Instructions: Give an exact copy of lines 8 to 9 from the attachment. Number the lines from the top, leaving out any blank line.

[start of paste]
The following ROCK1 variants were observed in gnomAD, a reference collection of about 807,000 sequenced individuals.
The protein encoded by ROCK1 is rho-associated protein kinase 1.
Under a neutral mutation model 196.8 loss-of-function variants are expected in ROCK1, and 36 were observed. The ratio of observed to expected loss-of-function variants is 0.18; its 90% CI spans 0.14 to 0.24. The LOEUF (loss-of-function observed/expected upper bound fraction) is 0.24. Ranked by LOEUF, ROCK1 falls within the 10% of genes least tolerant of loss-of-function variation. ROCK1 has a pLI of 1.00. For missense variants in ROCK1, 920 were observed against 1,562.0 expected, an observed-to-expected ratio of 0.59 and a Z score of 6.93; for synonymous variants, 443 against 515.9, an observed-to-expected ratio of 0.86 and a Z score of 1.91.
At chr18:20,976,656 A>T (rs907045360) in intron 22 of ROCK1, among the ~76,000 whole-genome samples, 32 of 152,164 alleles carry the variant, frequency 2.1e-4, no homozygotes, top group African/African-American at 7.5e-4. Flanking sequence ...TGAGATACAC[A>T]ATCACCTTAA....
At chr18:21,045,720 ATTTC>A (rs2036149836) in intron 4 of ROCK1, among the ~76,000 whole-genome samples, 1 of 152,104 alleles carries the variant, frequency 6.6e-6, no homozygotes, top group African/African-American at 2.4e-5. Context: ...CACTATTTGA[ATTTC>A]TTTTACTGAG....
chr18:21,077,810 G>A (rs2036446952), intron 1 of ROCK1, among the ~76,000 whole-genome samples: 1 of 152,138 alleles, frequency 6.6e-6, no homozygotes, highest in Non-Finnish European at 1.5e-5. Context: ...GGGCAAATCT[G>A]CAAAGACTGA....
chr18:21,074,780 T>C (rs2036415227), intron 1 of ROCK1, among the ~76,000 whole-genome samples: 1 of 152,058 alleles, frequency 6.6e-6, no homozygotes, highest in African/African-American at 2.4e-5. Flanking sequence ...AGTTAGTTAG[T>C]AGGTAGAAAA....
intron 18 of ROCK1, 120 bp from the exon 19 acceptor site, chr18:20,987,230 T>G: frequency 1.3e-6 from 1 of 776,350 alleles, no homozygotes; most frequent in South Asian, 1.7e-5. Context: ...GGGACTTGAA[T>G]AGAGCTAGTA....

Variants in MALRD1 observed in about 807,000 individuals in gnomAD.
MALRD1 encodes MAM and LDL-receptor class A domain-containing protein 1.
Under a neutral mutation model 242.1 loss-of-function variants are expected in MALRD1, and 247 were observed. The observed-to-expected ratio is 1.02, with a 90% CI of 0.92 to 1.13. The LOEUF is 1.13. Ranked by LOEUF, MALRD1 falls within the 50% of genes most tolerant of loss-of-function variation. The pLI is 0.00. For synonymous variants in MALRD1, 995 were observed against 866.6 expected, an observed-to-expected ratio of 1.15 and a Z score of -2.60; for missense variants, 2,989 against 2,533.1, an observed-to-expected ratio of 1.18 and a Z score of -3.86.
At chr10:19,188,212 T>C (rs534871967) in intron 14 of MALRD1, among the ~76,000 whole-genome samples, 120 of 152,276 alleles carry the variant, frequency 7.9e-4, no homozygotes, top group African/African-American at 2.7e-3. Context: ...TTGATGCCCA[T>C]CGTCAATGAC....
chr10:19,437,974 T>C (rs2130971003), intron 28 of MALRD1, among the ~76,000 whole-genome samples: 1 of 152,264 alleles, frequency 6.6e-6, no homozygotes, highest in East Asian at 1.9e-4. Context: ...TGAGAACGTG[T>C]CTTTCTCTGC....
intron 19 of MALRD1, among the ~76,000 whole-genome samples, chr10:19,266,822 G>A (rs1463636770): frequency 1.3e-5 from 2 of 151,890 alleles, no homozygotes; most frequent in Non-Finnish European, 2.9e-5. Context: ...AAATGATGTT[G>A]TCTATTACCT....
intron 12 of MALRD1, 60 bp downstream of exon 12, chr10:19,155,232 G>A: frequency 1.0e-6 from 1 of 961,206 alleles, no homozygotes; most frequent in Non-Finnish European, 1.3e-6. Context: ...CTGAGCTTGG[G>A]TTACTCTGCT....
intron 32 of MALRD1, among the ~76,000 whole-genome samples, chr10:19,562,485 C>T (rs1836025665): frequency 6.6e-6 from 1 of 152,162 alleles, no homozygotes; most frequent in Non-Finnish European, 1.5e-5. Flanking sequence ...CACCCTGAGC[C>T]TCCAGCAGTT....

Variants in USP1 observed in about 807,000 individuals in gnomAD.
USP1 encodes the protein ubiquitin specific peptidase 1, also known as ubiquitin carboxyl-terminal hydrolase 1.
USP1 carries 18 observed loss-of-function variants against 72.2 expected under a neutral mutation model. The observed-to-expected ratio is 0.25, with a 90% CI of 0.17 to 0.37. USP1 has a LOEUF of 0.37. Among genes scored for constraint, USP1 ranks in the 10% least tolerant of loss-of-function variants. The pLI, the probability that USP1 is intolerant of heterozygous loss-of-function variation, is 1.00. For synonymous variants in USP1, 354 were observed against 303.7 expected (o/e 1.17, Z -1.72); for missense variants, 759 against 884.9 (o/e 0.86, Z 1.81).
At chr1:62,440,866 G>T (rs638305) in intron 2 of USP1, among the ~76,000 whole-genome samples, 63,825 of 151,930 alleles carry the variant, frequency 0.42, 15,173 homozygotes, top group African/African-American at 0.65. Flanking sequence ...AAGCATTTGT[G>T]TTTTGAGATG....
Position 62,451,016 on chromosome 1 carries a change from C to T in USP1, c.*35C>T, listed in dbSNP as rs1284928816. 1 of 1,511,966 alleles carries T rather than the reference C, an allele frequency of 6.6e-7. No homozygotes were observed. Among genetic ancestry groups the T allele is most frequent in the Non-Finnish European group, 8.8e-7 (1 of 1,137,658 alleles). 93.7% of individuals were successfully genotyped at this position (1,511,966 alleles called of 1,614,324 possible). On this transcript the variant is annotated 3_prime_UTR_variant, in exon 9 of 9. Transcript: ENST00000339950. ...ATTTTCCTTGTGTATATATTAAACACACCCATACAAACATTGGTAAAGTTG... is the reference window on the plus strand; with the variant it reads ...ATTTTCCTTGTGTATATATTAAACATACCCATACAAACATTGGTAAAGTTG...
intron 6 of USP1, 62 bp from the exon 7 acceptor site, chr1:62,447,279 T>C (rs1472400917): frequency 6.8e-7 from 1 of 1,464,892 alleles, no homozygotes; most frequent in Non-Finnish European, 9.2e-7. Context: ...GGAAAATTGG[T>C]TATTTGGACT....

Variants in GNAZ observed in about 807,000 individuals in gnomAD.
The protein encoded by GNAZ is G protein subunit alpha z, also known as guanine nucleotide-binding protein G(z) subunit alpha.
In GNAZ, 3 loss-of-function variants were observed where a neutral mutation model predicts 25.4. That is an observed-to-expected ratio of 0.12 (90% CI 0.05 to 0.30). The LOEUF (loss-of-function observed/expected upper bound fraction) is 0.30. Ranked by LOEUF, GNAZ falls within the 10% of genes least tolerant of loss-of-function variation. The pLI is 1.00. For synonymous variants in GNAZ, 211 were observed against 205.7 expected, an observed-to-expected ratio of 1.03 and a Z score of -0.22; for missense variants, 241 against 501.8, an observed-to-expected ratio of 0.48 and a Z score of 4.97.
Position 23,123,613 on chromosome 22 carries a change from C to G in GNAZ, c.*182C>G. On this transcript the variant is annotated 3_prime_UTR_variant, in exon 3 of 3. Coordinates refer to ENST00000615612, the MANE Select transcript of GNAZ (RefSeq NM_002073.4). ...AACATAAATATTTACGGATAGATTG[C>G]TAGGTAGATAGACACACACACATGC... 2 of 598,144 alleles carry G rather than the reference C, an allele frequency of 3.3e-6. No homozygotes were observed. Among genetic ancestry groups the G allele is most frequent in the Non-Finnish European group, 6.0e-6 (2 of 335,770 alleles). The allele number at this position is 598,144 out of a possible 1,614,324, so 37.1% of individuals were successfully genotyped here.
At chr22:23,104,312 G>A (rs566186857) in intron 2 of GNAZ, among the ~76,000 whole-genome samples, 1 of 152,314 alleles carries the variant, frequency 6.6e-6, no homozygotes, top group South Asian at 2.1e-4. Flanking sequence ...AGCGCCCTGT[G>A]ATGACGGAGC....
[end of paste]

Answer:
intron 18 of ROCK1, 120 bp from the exon 19 acceptor site, chr18:20,987,230 T>G: frequency 1.3e-6 from 1 of 776,350 alleles, no homozygotes; most frequent in South Asian, 1.7e-5. Context: ...GGGACTTGAA[T>G]AGAGCTAGTA....

Variants in MALRD1 observed in about 807,000 individuals in gnomAD.